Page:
Posts tagged raptors
Posts tagged raptors
QUICK PSA SINCE ITS JULY 4th AND I THINK A LOT OF PEOPLE DO NOT KNOW THIS
THIS IS WHAT A BALD EAGLE SOUNDS LIKE.
How my Red-tailed Hawk says hello. x
Birds-of-prey are a protected species in the USA. Even if you found it dead, you cannot keep parts from hawks, eagles, falcons, owls, or vultures, buzzards, kestrels, etc. for any reason.
The only exception to this rule is if you work for an education facility of some manner and have a government-issued permit, or if you are a registered member of a Native tribe and also have a government-issued permit. Some falconers are likewise allowed to keep feathers from the birds-of-prey in their charge. But taxidermists do NOT get a break from these regulations. There is no “special pardon” you can get from your dad’s buddy’s uncle who works as a janitor for the local Fish and Wildlife office.
Just because you are a taxidermist doesn’t mean you can pick up any dead animal you fancy. Please look into state and national laws if you are uncertain about a particular species.
It is a “strict-liability” law, meaning that there is no requirement for law enforcement agencies to prove “intent” to violate the law. That is, if you are found in possession of a protected species or its parts or products, you are automatically in violation of the law. (Migratory Bird Treaty Act, FAQ x)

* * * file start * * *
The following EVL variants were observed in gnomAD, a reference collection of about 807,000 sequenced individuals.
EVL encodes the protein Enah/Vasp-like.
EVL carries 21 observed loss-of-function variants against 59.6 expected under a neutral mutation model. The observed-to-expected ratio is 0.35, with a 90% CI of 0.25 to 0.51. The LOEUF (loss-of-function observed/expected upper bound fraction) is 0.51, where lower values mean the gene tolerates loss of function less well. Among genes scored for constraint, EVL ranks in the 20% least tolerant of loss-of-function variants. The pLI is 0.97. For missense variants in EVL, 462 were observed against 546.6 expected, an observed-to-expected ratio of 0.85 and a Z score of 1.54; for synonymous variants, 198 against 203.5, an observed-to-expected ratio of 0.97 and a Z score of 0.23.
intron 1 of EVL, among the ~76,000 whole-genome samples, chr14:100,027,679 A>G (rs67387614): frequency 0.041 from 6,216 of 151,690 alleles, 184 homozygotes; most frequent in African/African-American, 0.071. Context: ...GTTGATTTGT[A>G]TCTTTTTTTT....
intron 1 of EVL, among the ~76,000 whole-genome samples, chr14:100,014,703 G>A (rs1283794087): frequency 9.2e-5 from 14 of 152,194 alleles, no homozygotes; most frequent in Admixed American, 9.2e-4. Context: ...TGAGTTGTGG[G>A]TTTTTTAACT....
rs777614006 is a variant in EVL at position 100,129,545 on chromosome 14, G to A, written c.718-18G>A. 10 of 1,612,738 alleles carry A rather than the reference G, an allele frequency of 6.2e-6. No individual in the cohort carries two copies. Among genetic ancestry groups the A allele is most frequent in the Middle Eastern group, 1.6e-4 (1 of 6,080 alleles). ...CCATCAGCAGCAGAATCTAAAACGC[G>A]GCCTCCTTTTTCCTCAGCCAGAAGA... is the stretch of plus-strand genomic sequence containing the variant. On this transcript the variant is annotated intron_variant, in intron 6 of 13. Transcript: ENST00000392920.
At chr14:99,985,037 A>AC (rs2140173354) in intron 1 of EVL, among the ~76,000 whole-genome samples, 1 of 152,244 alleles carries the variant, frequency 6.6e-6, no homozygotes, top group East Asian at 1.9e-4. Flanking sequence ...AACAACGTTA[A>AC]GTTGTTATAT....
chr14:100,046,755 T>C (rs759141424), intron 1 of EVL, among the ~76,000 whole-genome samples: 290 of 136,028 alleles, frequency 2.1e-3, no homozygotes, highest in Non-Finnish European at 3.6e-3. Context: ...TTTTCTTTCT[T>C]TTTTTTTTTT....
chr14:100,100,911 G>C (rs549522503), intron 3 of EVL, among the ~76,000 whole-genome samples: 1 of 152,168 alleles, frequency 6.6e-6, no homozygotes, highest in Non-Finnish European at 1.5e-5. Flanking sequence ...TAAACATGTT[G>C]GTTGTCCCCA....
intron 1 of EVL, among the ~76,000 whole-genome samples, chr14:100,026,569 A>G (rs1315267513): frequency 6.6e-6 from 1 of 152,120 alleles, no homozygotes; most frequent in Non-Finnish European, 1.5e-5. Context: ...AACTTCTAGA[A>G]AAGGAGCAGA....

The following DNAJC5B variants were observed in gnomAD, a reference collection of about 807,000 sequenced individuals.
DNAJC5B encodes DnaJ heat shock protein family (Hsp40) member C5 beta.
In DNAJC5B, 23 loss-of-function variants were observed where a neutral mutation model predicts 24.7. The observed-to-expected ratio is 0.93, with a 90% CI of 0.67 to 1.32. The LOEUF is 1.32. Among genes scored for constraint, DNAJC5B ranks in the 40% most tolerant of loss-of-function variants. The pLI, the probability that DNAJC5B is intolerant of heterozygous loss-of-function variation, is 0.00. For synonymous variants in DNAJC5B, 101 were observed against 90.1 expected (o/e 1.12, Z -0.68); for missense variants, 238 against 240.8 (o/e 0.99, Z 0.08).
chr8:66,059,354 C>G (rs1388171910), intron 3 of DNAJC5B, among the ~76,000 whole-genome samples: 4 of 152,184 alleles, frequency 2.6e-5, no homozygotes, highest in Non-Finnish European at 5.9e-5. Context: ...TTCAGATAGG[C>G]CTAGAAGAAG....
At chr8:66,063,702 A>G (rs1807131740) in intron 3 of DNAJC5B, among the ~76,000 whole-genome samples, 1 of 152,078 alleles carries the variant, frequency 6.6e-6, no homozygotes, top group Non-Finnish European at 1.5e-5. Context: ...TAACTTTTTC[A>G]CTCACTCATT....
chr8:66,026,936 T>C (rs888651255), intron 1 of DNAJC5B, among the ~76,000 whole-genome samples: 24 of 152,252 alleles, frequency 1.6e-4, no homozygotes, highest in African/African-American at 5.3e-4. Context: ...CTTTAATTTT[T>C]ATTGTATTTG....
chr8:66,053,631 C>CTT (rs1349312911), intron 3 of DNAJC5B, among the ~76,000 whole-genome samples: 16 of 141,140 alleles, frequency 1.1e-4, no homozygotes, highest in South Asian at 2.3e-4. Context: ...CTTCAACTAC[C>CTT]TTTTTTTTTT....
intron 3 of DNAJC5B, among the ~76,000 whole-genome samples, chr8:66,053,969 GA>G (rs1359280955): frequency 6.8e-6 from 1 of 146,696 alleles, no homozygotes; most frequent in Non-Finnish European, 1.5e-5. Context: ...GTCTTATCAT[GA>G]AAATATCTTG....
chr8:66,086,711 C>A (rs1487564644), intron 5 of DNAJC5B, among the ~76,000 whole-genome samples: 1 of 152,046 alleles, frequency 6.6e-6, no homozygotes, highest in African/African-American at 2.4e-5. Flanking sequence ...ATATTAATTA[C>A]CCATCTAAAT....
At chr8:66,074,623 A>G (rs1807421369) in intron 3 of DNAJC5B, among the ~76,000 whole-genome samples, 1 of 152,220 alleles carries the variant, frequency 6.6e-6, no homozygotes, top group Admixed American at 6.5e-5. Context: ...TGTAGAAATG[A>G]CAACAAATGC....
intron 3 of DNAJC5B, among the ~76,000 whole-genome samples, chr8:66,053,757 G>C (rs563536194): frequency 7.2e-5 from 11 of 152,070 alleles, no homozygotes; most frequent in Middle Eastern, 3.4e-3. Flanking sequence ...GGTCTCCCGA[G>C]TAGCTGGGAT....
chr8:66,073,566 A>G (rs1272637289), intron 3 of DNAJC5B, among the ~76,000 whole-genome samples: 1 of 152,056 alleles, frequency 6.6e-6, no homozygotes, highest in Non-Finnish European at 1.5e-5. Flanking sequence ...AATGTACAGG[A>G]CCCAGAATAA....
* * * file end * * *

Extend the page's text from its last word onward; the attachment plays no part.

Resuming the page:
this is very important
Kestrel is a small falcon known for its hovering flight. They also have the extraordinary ability to keep their head totally still, even in strong winds. This allows them to pinpoint and catch small mammals by sight alone.
Peregrine Falcons by Danny Vokinsiow
This is now my new wallpaper on my iPod! Now I can see this everyday!!!
fairy-wren: Grey Kestrel (Falco ardosiaceus), Africa
Photo via kestreling.com
The best thing about this isn’t so much the title on its own as the disconnect between it and the proud, majestically flying eagle
I laugh every fucking time I see this shit
mypubliclands: Antelope and Eagle
Amazing photo from one of our BLM-Wyoming “critter cams” — a Pronghorn (Antilocapra americana) and Golden Eagle (Aquila chrysaetos) drinking at a guzzler in the Bighorn Basin.
Golden Eagle (by Zavorka)